At 22 auto shops in the Bay Area and Central Valley, the Midas touch comes with sticky fingers, according to a lawsuit Attorney General Jerry Brown filed Tuesday in Alameda County.
The complaint, stemming from an undercover sting from 2005 to 2007, charges the franchise owner with bait-and-switch practices that cost nearly $300 on average in unneeded, and in some cases unperformed, brake service. Alameda and Fresno counties joined in the complaint, which also charges the franchise owner, Maurice Irving Glad, with violating the terms of a 20-year-old injunction that set permanent restrictions on his companies over certain business practices.
"We're looking at the largest Midas franchisee in California, and we're also looking at a case that involves violations of a previous injunction," said Evan Westrup, a spokesman for Brown. "That injunction was designed to prohibit the very same behavior that's continuing."
The franchises include Midas shops on Main Street in Walnut Creek, Monument Boulevard in Concord, Village Parkway in Dublin, two shops on North Blackstone Avenue in Fremont, a pair of Hayward shops, one in San Leandro and four in San Jose.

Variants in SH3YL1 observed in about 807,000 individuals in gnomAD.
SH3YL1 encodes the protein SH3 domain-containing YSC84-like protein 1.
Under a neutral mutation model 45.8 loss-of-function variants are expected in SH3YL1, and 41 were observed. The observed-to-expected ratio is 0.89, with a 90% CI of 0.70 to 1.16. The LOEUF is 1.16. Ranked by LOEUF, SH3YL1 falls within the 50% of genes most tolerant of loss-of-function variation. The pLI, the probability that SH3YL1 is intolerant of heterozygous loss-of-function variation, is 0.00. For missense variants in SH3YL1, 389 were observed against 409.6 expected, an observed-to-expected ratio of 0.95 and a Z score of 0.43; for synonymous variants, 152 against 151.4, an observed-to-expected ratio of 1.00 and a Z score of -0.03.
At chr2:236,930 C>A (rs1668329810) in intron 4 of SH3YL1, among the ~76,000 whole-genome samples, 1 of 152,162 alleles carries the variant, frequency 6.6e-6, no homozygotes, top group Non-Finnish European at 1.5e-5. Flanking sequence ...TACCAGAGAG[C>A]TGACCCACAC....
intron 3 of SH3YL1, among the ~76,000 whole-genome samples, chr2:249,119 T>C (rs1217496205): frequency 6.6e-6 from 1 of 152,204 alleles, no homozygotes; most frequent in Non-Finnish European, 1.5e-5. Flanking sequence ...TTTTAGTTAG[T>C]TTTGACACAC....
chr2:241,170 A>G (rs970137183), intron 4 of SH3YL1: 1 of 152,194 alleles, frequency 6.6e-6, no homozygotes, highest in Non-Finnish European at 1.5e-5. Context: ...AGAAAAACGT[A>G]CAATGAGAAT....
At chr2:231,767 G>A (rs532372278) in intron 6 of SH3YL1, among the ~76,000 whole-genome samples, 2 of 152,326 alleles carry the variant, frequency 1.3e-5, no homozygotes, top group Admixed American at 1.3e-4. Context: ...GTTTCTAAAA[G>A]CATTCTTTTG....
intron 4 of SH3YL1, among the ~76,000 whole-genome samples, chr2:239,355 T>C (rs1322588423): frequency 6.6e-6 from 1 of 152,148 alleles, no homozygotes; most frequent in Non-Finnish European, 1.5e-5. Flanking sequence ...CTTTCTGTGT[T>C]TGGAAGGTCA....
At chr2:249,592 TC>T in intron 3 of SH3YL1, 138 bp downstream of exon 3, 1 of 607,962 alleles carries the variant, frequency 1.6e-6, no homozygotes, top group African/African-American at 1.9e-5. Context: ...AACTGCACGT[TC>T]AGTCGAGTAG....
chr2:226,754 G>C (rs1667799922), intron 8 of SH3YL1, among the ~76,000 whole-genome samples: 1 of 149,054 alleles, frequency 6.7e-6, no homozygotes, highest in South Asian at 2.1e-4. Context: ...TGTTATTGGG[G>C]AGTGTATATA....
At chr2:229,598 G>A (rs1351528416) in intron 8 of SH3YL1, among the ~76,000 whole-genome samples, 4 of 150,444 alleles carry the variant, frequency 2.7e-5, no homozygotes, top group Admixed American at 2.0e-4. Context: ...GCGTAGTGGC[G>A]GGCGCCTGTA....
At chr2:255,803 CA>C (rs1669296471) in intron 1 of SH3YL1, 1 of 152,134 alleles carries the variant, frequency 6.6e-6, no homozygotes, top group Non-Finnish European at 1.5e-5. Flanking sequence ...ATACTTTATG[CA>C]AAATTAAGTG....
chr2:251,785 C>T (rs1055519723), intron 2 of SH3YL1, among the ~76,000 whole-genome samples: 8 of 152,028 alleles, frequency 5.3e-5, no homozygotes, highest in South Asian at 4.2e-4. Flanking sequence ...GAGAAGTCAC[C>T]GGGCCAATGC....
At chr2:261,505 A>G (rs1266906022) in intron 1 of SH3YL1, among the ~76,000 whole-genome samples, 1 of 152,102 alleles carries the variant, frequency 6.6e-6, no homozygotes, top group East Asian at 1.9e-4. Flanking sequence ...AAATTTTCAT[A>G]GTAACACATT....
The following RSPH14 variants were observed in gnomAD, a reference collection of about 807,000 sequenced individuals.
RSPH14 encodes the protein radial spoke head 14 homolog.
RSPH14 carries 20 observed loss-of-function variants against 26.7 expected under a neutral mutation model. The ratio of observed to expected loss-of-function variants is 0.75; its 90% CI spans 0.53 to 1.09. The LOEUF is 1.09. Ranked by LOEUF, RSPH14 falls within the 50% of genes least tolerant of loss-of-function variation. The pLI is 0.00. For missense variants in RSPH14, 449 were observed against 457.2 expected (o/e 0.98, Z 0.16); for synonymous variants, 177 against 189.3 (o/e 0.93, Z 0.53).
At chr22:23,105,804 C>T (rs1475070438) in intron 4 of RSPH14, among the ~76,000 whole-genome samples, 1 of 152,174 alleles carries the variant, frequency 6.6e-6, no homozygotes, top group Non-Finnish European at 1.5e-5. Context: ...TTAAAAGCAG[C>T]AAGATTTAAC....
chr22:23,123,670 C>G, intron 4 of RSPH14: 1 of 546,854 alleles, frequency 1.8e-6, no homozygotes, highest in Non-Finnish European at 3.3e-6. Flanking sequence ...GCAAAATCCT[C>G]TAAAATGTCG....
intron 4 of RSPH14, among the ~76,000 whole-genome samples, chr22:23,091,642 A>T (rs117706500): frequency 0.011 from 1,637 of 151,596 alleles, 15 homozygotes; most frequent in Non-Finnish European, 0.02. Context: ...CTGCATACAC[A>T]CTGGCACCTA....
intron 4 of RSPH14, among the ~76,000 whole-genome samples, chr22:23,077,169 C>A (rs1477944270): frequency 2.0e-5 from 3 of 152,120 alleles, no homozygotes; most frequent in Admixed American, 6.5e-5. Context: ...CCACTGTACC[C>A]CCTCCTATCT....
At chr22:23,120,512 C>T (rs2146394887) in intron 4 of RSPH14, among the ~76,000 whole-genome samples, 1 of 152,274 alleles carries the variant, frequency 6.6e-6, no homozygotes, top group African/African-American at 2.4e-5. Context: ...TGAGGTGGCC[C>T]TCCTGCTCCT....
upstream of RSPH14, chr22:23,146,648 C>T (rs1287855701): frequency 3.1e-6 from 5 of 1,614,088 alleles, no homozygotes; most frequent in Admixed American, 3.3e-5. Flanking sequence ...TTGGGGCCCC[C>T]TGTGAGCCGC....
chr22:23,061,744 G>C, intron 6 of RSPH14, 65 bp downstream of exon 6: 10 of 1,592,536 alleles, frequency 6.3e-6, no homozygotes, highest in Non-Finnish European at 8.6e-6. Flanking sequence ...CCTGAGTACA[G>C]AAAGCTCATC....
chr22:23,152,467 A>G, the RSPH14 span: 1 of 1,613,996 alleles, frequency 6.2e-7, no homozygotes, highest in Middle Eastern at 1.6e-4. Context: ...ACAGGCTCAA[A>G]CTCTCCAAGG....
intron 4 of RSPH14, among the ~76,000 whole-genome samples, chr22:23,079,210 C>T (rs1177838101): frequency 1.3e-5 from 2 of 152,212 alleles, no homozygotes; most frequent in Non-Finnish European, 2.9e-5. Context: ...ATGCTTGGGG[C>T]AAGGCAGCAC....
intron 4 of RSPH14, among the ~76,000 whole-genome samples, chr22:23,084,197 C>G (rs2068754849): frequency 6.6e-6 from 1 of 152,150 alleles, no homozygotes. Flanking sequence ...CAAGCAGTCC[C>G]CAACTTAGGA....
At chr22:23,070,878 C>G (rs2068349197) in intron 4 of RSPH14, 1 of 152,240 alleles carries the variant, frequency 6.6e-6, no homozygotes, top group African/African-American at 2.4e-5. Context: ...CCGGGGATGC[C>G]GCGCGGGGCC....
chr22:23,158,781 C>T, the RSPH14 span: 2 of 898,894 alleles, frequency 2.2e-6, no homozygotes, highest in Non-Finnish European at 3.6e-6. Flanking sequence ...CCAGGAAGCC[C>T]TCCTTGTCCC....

A separate administrative law case against Glad, based on the same undercover sting, was launched last year and could result in fines or shutdowns of some shops. A hearing is scheduled for August.
Glad is president of M.I. Glad, Inc, Be Glad, Inc. and So Glad, Inc. His lawyer, Walnut
"They made up symptoms, artificially aged the rotors. They ground down the brakes. They created a completely artificial situation," said Gagen. "In this case, very few if any consumers were involved. Of the 28 complaints we are aware of from 2005 to the present, 24 of them are BAR undercover operatives who have done things to the car and created a false situation."
Glenn Mason, spokesman for the state Department of Consumer Affairs, would not comment on Gagen's allegations. During the three-year investigation, the automotive repair bureau used two dozen undercover vehicles to gather evidence of 105 alleged violations. According to the allegations, the Midas shops used "brake specials" to draw in customers, then made false or misleading statements to pressure customers to buy unnecessary parts and services. In some cases promised work was never done. In other cases customers did not receive proper paperwork, or appropriate tests were not done before a diagnosis.
If successful, Brown's office says, the lawsuit would require the Midas shops to pay as much as $2,500 per violation, and as much as $12,000 per violation for violating the 1989 injunction.
"If there's a settlement, ultimately we would be reaching out to individual victims," said Scott Patton, an Alameda County deputy district attorney. "It would be too early to talk about that."
Reach John Simerman at 925-943-8072 or firstname.lastname@example.org.